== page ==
The format of the BBC quiz show “Mastermind” has barely changed since it was first broadcast in the 1970s. In the opening rounds four contestants each answer two minutes’ worth of questions on a special subject and then have two and a half minutes on general knowledge. In later rounds (semi-finals, the grand final) there are more than four contestants and the time allotted to each set of questions is shorter, but the basic format is the same (special subjects followed by general knowledge).
The show currently airs on Fridays, at 8pm on BBC2. I rarely watch it live but record it and watch later. When the special subjects are on topics I know nothing about I will typically forward through to the general knowledge questions and try to answer along with the contestants.
From time to time I keep count of my scores. The number of questions asked in each round varies. It depends on how quickly the contestants answer, and whether they say “pass” or offer wrong answers. In the latter case John Humphrys will read the correct answer, taking up a bit more time, as noted in this piece. Usually there are 18 or 19 questions, occasionally more, sometimes fewer. A sample of five weeks early in the current series shows that my best score on a single general knowledge round was 18 correct answers (out of 21) and my lowest was 9 (out of 18). I usually find one of the four sets of questions harder than the others, either the second or third set, rarely the first or fourth. Here, as simple text, are my scores from those five sample rounds:
Date, correct/total answers 1st round, 2nd, 3rd, 4th = Total
28 July 2017, 12/17, 12/18, 12/17, 13/20 = 49/72 [a little rusty early in the New Trivia Season]
4 August 2017, 14/17, 14/19, 9/18, 13/19 = 50/73
18 August 2017, 14/19, 12/19, 14/18, 14/19 = 54/75
25 August 2017, 11/17, 16/20, 18/21, 15/20 = 60/78
8 Sep 2017, 15/18, 13/19, 13/18, 18/20 = 59/75 [either I was more match-fit, or the questions were a little easier]
This suggests that if I ever took part on “Mastermind” (and could cope with the added pressure of being on TV, in “the famous black chair”) my general knowledge score could be 14 or 15. A score of at least 13 on a special subject would give a total of 27 or more, good enough to get through to at least the semi-final. Sometimes 23 is a winning score in earlier rounds. (Right now I do not intend to compete on either “Mastermind” or BBC Radio 2’s Pop Master, but it’s a New Year and who knows what the coming months will bring?)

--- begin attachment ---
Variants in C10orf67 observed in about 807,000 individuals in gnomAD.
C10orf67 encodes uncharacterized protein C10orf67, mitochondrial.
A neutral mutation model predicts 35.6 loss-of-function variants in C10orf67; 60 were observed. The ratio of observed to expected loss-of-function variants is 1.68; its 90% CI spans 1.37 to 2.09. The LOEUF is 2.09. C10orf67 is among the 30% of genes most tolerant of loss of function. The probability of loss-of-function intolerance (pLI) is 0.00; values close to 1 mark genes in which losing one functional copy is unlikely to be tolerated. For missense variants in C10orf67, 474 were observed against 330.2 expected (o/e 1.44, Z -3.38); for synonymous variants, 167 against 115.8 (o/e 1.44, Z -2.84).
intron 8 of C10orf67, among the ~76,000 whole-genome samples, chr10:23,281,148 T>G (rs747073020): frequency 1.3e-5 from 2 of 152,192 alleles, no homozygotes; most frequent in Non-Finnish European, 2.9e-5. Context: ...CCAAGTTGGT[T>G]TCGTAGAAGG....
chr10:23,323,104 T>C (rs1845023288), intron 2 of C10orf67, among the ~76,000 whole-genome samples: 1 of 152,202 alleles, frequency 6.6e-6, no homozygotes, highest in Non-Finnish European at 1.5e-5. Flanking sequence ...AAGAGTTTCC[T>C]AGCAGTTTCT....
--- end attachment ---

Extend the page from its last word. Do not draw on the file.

Over the years, without prepping beforehand, I have occasionally answered more questions correctly on a special subject than a contestant on the show. It happened when someone chose Led Zeppelin, as noted in this piece. Many years ago, a round on 80s Music, which I would never choose as a specialism, yielded 15 correct answers out of 16. The only question I got wrong was about a Bonnie Raitt album. At other times, when a subject comes up that seems ideally suited to me, I struggle to get more than a couple right. Shakespeare has been chosen more than once and despite my enthusiasm for the plays, and despite having read them all and seen them all performed at least twice on stage, I have never got more than 5 questions right.
In the current season there have been occasions where I have outscored the contestants on their own special subjects, without prepping in advance. Back in September someone chose The Gospels and got 7 out of 14 correct. I managed 9, which surprised me. It’s not a subject I have deliberately studied, though I have read Luke and John in their entirety. Clearly, after several decades of going to mass, I have retained enough information from some of the Gospel readings to answer quiz questions about them. In the following sentences correct answers to sample questions appear in brackets. The wedding feast, where Jesus performed his first miracle, was at (Cana). The elderly woman in the temple at the Presentation of Jesus, early in Luke’s Gospel, is (Anna). The Prodigal Son, also in Luke’s Gospel, leaves home and later finds work (feeding pigs). And the number of fish hauled ashore, as recounted in John’s Gospel, was (153). I didn’t know, however, that Jesus healed a blind man on the way back from (Jericho) or that the village referred to in Matthew as Magadan is called (Dalmanutha) in Mark.
My best score so far in this series, answering someone else’s special subject, was 12 out of 14 on British Oscar-winning Actors and Actress (29 September 2017). The two answers I didn’t know were the names of Margaret Rutherford’s character in “The VIPs” (The Duchess of Brighton) and Hugh Griffith’s character in “Ben-Hur” (Sheik Ilderim). Last month (22 December 2017) someone answered questions on the Clash and I got a reasonable 8 out of 14. Although I’m a big fan of the band, and first saw them perform live nearly 40 years ago, my passively acquired knowledge of them over the years did not include the name of the Vietnam veteran they played a gig for in Cleveland (Larry McIntyre), the name of the club in New York where they played a residency lasting over 2 weeks in 1981 (Bond’s) or the name of Ellen Foley’s 1981 album that all four members of the band performed on, and which guitarist Mick Jones produced (“The Spirit of St Louis”). Nor did I know that Jones was in a relationship with Ellen Foley at the time, which the question revealed. I have subsequently learnt that he wrote “Should I stay or should I go?” about their relationship.
As this current season of “Mastermind” progresses, through to its Grand Final in March or April, I will update this Post if other special subjects spark my interest, especially if I manage a better score than any of the contestants brave enough to appear on the show.